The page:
MIAMI—Top-tier wellness resorts in Asia are looking at expansion, with goals to bring similar experiences to destinations in Mexico, the Caribbean and Costa Rica.
Andrew Cohan, MAI, managing director of Horwath HTL Miami, has been observing the market and has seen the challenges for North American global brands to proliferate. He poses the question: Can individual Asian resorts with fewer resources be successful in serving North American and European travelers close to home?
“Some are simply attempting to grow from regional, family run businesses to become globally recognized brands with global distribution,” said Andrew Cohan, MAI, managing director of Horwath HTL Miami. “Six Senses, Banyan Tree and even Aman can be included in this category. I say ‘even Aman’ because while the brand is known as an ultra-luxury resort and is rarely categorized as a wellness resort, a large part of wellness is slowing down, appreciating and enriching family relationships and getting in touch with the simple act of discovery—which can be difficult for people who are in frequent contact with the latest and greatest of everything.”
Cohan explained that some Asian brands may benefit from proximity.
“Others, such as Kamalya, NIHI Sumba and Song Saa, which are single-property brands enjoy significant patronage from North America and could most likely benefit from being located within a four- to eight-hour travel distance from this important source market rather than a 30-hour trek away,” he said. “As the trend in North America is toward more frequent but shorter leisure trips, two or three visits of four days each can become more likely for a resort to achieve with a patron than one 10-day trip that yields eight nights at the resort, two of which are affected by jet lag.”
With varied coastal and mountain destinations, and climates ranging from desert to rain forest, Mexico is a natural destination for many types of luxury resort properties.
“Mexico is the number six country in the world in receiving international visitors, having hosted nearly 40 million foreign residents in 2017,” he said. “In addition, favorable labor costs, excellent infrastructure and a large base of well-trained service personnel make Mexico a desirable country for resort development compared with many destinations in the American tropics.”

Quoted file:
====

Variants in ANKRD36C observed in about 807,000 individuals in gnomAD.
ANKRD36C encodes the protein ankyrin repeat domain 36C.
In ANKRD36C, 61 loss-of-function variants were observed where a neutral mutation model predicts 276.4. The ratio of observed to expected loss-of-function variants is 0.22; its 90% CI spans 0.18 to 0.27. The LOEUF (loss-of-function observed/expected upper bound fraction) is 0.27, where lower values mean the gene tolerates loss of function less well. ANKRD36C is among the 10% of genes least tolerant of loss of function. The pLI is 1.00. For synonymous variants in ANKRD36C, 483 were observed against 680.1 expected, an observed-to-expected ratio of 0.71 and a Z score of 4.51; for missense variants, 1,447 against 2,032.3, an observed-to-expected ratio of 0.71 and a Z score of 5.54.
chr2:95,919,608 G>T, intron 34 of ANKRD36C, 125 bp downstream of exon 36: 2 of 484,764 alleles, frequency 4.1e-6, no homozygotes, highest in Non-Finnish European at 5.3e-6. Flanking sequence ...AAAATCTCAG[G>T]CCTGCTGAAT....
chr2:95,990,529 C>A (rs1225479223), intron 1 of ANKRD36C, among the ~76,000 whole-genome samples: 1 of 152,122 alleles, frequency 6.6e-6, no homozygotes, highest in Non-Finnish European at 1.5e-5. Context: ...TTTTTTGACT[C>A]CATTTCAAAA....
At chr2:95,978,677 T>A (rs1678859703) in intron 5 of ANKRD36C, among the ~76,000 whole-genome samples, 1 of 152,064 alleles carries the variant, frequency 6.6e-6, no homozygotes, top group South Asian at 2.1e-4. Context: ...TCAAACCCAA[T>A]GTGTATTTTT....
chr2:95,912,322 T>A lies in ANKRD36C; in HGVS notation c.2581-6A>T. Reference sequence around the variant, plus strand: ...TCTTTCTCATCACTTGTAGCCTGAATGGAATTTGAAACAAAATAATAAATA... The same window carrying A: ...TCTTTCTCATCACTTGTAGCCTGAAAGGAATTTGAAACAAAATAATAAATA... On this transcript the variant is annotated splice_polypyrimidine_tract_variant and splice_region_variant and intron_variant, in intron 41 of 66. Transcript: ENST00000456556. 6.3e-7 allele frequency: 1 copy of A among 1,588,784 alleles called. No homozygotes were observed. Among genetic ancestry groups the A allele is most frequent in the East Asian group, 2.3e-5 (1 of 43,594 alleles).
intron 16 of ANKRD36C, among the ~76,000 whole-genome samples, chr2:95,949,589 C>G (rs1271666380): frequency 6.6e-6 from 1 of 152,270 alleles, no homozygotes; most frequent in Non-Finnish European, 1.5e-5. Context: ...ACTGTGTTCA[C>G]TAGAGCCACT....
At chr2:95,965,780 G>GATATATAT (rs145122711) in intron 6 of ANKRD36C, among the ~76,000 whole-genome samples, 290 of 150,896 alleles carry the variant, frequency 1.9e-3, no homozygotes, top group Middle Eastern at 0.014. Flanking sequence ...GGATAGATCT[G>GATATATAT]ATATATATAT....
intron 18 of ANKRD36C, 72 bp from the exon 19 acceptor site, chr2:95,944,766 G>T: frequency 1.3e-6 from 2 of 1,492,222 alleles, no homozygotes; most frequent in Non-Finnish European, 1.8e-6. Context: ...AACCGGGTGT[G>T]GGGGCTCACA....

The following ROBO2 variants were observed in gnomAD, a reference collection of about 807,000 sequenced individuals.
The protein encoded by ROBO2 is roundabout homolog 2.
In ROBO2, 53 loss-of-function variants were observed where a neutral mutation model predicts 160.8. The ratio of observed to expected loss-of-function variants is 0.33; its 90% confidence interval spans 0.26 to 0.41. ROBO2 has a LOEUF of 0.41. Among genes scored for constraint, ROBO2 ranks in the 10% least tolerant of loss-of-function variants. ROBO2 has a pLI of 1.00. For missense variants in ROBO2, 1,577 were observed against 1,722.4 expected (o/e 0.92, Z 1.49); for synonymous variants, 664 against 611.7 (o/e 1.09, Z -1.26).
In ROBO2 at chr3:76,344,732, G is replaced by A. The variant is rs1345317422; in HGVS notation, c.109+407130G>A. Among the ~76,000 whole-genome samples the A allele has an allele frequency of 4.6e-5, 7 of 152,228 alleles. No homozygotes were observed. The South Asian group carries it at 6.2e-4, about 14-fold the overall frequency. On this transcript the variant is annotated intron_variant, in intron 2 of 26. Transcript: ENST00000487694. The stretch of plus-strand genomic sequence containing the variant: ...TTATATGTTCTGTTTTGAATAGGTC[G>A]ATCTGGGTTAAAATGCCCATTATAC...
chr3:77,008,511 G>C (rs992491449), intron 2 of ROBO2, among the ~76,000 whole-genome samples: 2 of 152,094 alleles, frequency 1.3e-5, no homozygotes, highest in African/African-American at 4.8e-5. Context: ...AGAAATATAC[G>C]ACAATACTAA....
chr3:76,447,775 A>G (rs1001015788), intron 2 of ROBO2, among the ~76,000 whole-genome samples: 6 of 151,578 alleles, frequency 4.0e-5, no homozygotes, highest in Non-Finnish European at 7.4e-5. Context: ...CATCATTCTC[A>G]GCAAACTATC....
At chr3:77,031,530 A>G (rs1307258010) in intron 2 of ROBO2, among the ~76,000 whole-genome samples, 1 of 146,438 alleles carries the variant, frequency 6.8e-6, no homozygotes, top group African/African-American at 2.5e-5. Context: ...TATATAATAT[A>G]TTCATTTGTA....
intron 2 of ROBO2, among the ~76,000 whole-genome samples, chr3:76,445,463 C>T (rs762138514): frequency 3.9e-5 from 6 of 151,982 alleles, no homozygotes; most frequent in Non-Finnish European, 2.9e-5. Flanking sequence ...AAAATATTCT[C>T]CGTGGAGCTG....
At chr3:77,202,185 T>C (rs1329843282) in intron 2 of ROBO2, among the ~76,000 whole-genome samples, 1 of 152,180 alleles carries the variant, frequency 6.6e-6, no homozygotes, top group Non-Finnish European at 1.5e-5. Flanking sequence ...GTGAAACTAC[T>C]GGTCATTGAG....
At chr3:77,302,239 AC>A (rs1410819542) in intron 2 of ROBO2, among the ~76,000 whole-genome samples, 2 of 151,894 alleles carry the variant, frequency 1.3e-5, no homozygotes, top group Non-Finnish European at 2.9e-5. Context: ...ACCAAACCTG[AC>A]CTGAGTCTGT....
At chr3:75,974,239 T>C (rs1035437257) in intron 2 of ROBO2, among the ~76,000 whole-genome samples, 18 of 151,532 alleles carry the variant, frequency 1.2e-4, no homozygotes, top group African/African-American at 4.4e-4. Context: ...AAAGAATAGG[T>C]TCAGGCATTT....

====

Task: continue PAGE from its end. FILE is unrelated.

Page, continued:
According to Cohan, expansion appears to be a tricky process for wellness resorts, wherever they are based.
“First, the mix in a wellness resort of mind-, body- and spirit-focused programming can vary greatly, usually based on the vision or the past experience of the founder,” he said. “The developers of wellness resorts typically have a very personal impact on the programming, service delivery style, and atmosphere of the resort. Many devoted patrons of Canyon Ranch for example, felt as well that they had a connection with the founders Mel and Enid Zuckerman. Though they retired several years ago, their presence is still felt through the folklore and story of the company’s history, which began with Mel’s ‘ah-hah’ experience.”
He added, “Equity funds and hoteliers can be important components of scalability and expansion for wellness brands, but the subtlety of the founders’ imprint on the resort can be diluted in the process. I can see for example, that Equinox—which has a strong but less personal brand and reputation—might have an easier time expanding in the lodging, resort, and branded residence markets than would many of the top destination spas of the world.”
So, what must Asian resort brands do to gain a foothold in areas beyond Asia? “I think a critical element of any expansion strategy is identifying which attributes must be consistent throughout the brand and which can be flexible to local culture and economics,” he said. “For example, the Park Hyatt in Buenos Aires is an expanded family mansion from the 1920s, while the Park Hyatt in Beijing has a lobby on the 63rd floor. However, there is a commonality in the brand that makes me anxious to experience the newer Park Hyatt in St. Kitts.”